Net Optics acquires nMetric, targets network intelligence

Net Optics' recent acquisition of network analytics software provider nMetric is a move to satisfy demand for tools to gather and analyze data on activity across enterprise networks

In a move to broaden its offerings for the growing network intelligence and diagnostics market, telecom equipment manufacturer Net Optics recently announced the acquisition of network analytics software provider nMetric.

Net Optics acquired nMetric through its purchase of sister company Triplelayer, an Australian distributor. And although Net Optics CEO Bob Shaw sees Triplelayer's positive standing in the Australian, New Zealand and Southeast Asian markets as an advantage to Net Optics' growth, the network monitoring tools are what he believes will have the largest impact for customers.

FORESIGHT: Analysts predict acquisitions in WAN optimization, network intelligence markets

Shaw cited customers' rising security and bandwidth concerns as main reasons for the acquisition. He says enterprise customers had grown concerned about threats lurking on network access points that were going unused.

"Where we saw a gap is in many cases there were customers that would have the Net Optics product and they wouldn't have enough budget to have it plugged into every location where they had one of our access products -- and yet they were concerned that they needed to have a health check and visibility to check all of those areas they weren't plugged into," Shaw says.

Both bandwidth and security topped the concerns of Net Optics customers, according to Shaw, and with recent trends driving more end users to high-bandwidth and high-risk behavior, this trend appears set for growth.

"You can have this product sitting in line, it's in the network, and what we've seen in many cases is they're using it in remote branch sites," Shaw says. "So what will happen is they'll say, 'We're starting to see a spike in traffic, what's going on?' And they'll be able to drill down and you can actually see the bandwidth that's being used for Google, YouTube and Facebook. And you can drill down another level and see who the users are."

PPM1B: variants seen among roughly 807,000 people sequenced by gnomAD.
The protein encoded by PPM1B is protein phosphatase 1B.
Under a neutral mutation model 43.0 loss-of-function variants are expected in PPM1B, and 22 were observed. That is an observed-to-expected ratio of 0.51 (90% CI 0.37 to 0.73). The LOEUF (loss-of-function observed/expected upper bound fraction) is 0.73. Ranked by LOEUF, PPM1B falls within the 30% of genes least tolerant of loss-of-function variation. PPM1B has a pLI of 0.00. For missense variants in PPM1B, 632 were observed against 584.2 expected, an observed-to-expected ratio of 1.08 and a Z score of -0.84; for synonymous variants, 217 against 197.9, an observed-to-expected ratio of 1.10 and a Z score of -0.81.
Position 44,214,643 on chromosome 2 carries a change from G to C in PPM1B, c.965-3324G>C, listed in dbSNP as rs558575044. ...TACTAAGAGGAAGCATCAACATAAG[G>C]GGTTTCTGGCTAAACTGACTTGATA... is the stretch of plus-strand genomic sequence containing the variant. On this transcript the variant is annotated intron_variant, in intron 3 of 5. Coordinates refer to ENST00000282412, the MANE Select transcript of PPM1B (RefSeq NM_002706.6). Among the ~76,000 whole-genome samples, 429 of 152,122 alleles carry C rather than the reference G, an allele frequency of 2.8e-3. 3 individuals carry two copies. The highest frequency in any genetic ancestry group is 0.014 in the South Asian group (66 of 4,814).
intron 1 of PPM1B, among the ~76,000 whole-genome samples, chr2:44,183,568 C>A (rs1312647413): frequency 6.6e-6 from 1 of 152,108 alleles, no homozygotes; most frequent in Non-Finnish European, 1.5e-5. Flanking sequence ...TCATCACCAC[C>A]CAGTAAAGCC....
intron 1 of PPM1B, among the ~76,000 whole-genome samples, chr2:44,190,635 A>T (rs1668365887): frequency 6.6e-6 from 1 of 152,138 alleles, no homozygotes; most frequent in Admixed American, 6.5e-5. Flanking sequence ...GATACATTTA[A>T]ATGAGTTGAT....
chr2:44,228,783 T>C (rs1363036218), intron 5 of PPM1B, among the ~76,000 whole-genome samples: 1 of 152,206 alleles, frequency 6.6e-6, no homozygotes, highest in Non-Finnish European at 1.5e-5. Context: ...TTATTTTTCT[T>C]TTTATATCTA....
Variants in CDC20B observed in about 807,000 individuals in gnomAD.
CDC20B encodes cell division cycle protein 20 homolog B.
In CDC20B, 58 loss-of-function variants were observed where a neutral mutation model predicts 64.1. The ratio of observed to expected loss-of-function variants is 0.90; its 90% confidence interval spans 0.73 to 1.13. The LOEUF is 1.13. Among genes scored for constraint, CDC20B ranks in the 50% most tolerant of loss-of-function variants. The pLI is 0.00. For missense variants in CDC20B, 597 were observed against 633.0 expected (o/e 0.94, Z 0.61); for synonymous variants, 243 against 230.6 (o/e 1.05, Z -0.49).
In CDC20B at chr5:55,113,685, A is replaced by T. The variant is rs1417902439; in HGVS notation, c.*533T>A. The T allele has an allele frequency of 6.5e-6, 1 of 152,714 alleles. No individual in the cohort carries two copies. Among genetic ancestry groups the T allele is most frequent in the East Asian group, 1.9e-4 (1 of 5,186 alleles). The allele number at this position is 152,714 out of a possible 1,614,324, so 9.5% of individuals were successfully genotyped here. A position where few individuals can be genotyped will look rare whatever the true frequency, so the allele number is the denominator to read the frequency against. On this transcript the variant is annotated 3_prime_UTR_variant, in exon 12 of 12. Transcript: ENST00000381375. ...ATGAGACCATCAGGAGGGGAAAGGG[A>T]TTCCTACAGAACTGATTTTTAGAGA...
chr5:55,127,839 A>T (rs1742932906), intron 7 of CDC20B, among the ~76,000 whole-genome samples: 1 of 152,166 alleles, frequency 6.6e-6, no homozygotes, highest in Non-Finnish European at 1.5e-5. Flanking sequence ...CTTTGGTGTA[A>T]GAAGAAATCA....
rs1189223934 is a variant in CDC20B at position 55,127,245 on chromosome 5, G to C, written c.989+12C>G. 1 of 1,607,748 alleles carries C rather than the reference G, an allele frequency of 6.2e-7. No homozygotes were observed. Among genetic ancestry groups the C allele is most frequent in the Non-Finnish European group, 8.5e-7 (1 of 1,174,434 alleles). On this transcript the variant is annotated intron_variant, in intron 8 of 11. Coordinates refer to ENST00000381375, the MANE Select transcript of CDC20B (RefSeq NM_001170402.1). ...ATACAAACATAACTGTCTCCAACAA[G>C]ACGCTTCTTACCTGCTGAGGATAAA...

Shaw says the ability to identify which users are putting pressure on the network is becoming highly valued, for both compliance and protection against insider threats.

"One of the things that we've seen as a need is, 'How are you able to anticipate issues before they occur?' And, 'How are you able to deal with them quickly when they do?'" Shaw says. "Most folks would say the opportunity to build an absolutely flawless and secure network is nirvana. What you need to do is build a network that gives you visibility and allows you to proactively respond and anticipate challenges before they occur -- and heaven forbid they do, how can you take action quickly?"

By acquiring nMetric and incorporating network monitoring and analytics tools into its products, Net Optics is targeting a market for which many in the industry have forecasted rapid growth. According to an IDC report published earlier this month, overall spending on network equipment is set to grow 8.7% this year, up from just 3.8% in 2011. As a result, IDC's report predicted "network intelligence becomes strategic" in 2012 as IT managers will devote larger portions of their budgets to network performance and security.

Cindy Borovick, research vice president for IDC's Enterprise Communications and Datacenter Network services, predicted acquisitions like this as a result of growing customer demand for network intelligence solutions. Several emerging trends, which Borovick believes will gain momentum in 2012, have put higher value on network intelligence tools and made those that provide them more valuable as acquisition targets.

"When you think about the strategic importance of the enterprise network and the connectivity out to customers, partners, taking advantage of cloud services, or even just using your own internally owned data centers to create an active-active [network] or an overall disaster recovery strategy, there's a real focus on that WAN architecture," Borovick says. "And we believe the combination of network intelligence and WAN expertise is really going to start to change. We'll start to see some vendor changes and acquisitions."

Other analysts have seen similar trends driving increases in network investments. Daniel Kennedy, research director for information security at TheInfoPro, says the ability to peer into the network and gather analytics is essential for IT managers either preparing for future spending on network equipment or analyzing the impact of expenses already made.

"Obviously there is a clear delineation between determining where network bottlenecks are as a business case to justify WAN optimization expenditures, as well as to measure how any implemented solutions are working," Kennedy says.

According to Shaw, the market for these tools will be where Net Optics will reap what it has sown in the nMetric acquisition, which he believes was a quick move to get in on a market that may not go underserved for much longer.

"There's a real gap in that there's nobody that's providing this for remote branch sites," Shaw says. "So if you look at how diverse organizations are spread out, it's a new market that nobody is selling products into."

Colin Neagle covers Microsoft security and network management for Network World. Keep up with his blog: Rated Critical, follow him on Twitter: @ntwrkwrldneagle. Colin's email is cneagle@nww.com.

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